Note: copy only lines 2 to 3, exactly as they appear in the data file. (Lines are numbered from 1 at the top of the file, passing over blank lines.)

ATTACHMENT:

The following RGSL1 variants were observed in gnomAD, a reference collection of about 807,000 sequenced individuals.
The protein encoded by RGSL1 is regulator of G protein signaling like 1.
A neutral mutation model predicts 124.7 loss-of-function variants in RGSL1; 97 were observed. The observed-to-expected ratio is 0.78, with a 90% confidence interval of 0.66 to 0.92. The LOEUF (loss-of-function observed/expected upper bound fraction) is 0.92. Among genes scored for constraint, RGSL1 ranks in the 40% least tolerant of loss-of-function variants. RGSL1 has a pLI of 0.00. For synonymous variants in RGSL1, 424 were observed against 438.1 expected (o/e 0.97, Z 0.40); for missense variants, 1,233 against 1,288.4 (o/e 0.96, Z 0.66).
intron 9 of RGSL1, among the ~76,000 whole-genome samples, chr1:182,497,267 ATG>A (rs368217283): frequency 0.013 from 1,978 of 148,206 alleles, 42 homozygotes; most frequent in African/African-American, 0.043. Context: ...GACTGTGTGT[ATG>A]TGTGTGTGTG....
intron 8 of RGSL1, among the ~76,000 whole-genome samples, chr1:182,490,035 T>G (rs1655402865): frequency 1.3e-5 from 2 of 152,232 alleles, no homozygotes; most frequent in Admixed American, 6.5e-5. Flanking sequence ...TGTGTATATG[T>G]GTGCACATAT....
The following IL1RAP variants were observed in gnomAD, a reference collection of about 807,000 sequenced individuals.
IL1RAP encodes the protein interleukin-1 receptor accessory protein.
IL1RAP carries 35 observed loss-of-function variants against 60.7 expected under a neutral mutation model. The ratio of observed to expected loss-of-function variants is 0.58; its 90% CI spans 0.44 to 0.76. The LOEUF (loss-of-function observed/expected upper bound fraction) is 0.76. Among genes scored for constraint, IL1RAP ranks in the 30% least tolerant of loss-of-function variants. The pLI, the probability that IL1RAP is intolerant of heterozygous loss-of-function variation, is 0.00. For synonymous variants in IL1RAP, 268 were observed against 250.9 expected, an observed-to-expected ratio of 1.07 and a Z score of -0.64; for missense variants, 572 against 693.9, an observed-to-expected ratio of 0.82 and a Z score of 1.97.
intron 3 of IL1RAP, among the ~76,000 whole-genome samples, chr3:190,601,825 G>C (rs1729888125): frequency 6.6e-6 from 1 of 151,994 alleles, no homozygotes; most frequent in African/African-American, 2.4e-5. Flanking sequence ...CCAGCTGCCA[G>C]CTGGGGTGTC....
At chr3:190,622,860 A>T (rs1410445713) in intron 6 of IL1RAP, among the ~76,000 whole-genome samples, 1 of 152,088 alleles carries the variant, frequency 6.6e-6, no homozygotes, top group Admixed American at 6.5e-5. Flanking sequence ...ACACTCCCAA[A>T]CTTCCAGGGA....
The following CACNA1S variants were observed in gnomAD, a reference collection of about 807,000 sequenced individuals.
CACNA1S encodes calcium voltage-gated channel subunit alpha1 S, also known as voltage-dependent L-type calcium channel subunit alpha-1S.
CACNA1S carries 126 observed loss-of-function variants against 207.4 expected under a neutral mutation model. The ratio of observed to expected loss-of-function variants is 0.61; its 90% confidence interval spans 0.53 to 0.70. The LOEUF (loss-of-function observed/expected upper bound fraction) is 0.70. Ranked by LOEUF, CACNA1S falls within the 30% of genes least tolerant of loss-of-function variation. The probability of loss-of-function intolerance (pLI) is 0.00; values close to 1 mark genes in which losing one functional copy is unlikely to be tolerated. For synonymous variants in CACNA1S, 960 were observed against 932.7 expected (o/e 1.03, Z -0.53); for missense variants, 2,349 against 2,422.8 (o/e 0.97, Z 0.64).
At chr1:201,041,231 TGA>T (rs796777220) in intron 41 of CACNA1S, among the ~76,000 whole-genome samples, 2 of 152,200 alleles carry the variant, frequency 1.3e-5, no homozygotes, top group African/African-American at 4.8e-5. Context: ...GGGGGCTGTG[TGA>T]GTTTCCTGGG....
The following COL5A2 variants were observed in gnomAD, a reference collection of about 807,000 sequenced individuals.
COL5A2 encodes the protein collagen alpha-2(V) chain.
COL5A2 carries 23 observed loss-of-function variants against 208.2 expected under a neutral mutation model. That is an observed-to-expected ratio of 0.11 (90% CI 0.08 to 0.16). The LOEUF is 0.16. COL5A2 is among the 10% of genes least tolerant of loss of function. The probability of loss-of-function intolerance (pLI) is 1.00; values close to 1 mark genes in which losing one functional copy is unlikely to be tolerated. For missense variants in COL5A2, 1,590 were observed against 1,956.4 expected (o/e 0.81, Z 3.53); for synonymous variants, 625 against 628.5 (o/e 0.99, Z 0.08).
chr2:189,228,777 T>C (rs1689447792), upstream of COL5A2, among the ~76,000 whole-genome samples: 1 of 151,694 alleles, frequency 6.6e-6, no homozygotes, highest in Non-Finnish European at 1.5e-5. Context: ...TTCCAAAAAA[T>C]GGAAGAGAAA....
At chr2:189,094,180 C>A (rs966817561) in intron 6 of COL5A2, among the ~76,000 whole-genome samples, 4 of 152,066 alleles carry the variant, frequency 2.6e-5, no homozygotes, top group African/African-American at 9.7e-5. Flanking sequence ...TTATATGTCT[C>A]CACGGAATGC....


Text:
The protein encoded by RGSL1 is regulator of G protein signaling like 1.
A neutral mutation model predicts 124.7 loss-of-function variants in RGSL1; 97 were observed. The observed-to-expected ratio is 0.78, with a 90% confidence interval of 0.66 to 0.92. The LOEUF (loss-of-function observed/expected upper bound fraction) is 0.92. Among genes scored for constraint, RGSL1 ranks in the 40% least tolerant of loss-of-function variants. RGSL1 has a pLI of 0.00. For synonymous variants in RGSL1, 424 were observed against 438.1 expected (o/e 0.97, Z 0.40); for missense variants, 1,233 against 1,288.4 (o/e 0.96, Z 0.66).